Last week, Cape Town-based on-demand home cleaning and services startup SweepSouth announced that it had raised $11 million in its latest funding round. In 2019, SweepSouth was the first company to receive funding from Naspers Foundry, a R1.4 billion (~$77 million) venture capital fund by Africa’s largest company by market capitalization, Naspers.
Co-founded by Aisha Pandor who is also CEO, SweepSouth would be Naspers Foundry fund’s first and last investment in a company with a woman of colour in the founding team. After three years and R700 million (~$39 million) of disbursed funds to 23 founders, only 13% of the recipient founders were persons of colour (3 founders) and only 8% were women (2 founders).
In July, South Africa’s Competition Commission released a report which called out online intermediary platforms for excluding historically disadvantaged persons (HDPs) from South Africa’s internet economy. The report called out the Naspers Foundry for having no mandate to support HDPs, which include people of colour.
On its website, Naspers has an op-ed article aptly titled “Why investing in women is smart economics” written by Phuthi Mahanyele-Dabengwa, Naspers South Africa CEO who was also the first CEO of the Naspers Foundry. In the article, she states that Naspers has seen first-hand the crucial role that women play in helping to build economies and businesses fit for a more inclusive future.
“Of course, encouraging more women to start businesses and not providing them with adequate capital for growth is like sending talented mountain climbers up Kilimanjaro without boots,” writes Mahanyele-Dabengwa.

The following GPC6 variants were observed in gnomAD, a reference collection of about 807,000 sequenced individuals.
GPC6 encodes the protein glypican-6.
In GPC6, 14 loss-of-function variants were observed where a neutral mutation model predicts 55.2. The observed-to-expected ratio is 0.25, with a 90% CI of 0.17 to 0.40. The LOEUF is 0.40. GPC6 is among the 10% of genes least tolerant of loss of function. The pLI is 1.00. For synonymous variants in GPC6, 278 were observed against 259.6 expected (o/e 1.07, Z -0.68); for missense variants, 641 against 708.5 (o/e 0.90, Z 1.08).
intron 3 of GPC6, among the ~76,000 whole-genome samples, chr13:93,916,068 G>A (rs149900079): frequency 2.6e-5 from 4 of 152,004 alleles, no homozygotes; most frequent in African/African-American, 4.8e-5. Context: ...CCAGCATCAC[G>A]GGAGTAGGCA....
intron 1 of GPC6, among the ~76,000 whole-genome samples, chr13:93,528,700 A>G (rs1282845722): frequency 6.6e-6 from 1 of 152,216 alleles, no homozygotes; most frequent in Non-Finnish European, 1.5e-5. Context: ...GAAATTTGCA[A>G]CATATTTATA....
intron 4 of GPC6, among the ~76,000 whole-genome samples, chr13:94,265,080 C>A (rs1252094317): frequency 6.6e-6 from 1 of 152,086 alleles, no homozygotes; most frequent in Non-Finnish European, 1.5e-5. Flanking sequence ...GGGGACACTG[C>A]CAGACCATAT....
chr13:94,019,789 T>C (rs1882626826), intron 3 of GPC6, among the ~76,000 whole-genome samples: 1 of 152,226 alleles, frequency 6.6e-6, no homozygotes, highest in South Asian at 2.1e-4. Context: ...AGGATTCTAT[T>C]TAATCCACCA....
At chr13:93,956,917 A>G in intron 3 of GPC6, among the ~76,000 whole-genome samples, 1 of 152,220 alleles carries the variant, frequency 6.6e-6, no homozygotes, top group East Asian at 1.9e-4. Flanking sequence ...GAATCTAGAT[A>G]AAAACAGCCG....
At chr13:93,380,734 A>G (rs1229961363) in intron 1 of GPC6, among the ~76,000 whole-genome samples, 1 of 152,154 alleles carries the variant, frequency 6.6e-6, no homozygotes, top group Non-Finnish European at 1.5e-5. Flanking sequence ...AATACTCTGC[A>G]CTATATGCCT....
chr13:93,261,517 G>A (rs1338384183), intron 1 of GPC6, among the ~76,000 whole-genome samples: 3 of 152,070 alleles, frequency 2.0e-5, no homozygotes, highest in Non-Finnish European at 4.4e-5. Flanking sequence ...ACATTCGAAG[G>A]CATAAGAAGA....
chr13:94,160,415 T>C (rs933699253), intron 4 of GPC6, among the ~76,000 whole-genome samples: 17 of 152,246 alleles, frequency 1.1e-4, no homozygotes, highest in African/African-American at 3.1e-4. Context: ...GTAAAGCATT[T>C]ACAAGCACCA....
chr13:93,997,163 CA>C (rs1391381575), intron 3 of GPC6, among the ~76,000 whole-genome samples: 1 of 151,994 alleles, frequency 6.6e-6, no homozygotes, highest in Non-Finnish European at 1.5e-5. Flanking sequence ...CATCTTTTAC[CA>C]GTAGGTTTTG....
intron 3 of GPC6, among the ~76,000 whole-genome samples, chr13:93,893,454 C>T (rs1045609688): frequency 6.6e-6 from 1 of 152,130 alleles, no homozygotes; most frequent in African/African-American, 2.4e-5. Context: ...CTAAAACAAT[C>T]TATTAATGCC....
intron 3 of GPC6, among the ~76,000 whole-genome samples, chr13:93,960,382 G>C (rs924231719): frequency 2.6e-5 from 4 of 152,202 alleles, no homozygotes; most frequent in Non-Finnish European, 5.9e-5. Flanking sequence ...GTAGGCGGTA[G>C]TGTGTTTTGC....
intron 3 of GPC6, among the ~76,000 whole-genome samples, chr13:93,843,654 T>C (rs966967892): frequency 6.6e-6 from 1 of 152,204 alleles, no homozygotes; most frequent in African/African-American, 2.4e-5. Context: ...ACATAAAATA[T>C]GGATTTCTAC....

She goes on to point out that Naspers is helping to alleviate the situation by “supporting female founders through Naspers Foundry”, referring to funding only two women founders in a 3 year period in a country where the number of women-owned businesses rose to 21.9% in 2021 versus 21.1% in 2020.
Naspers Foundry can do more to diversify its fund beneficiaries. Naspers Labs, the company’s youth development program, claims to have women as 65% of the total number of beneficiaries.
If Naspers can diversify that program, surely it can do the same with the Naspers Foundry fund to make it more inclusive for two of the most marginalized groups in the venture capital ecosystem: people of colour and women.
According to data from Ventureburn’s Tech Startup Survey, in South Africa, where the total white populace is 8% of the overall population, 24% of white-founder-led startups reported raising R1 million (approximately $58,000) or more to fund their businesses, compared to just 2.5% of black African founders.
More data from Partech also shows that companies founded or co-founded by African women — many with international alliances, networks and operations — drew 16% of the total $5.2 billion raised on the continent last year. A situation a VC fund as big as the Naspers Foundry could be helping to alleviate in South Africa.
The success stories of Naspers Foundry’s graduating companies like SweepSouth, The Student Hub and Life Cheq show the potential that persons of colour and women-led startups have if given the requisite access to capital.
With only half of the fund so far deployed, the ecosystem will be hoping that Naspers will do a better job of diversifying the founders who will get funded by the other R700 million (~$39 million) from South Africa’s largest venture fund.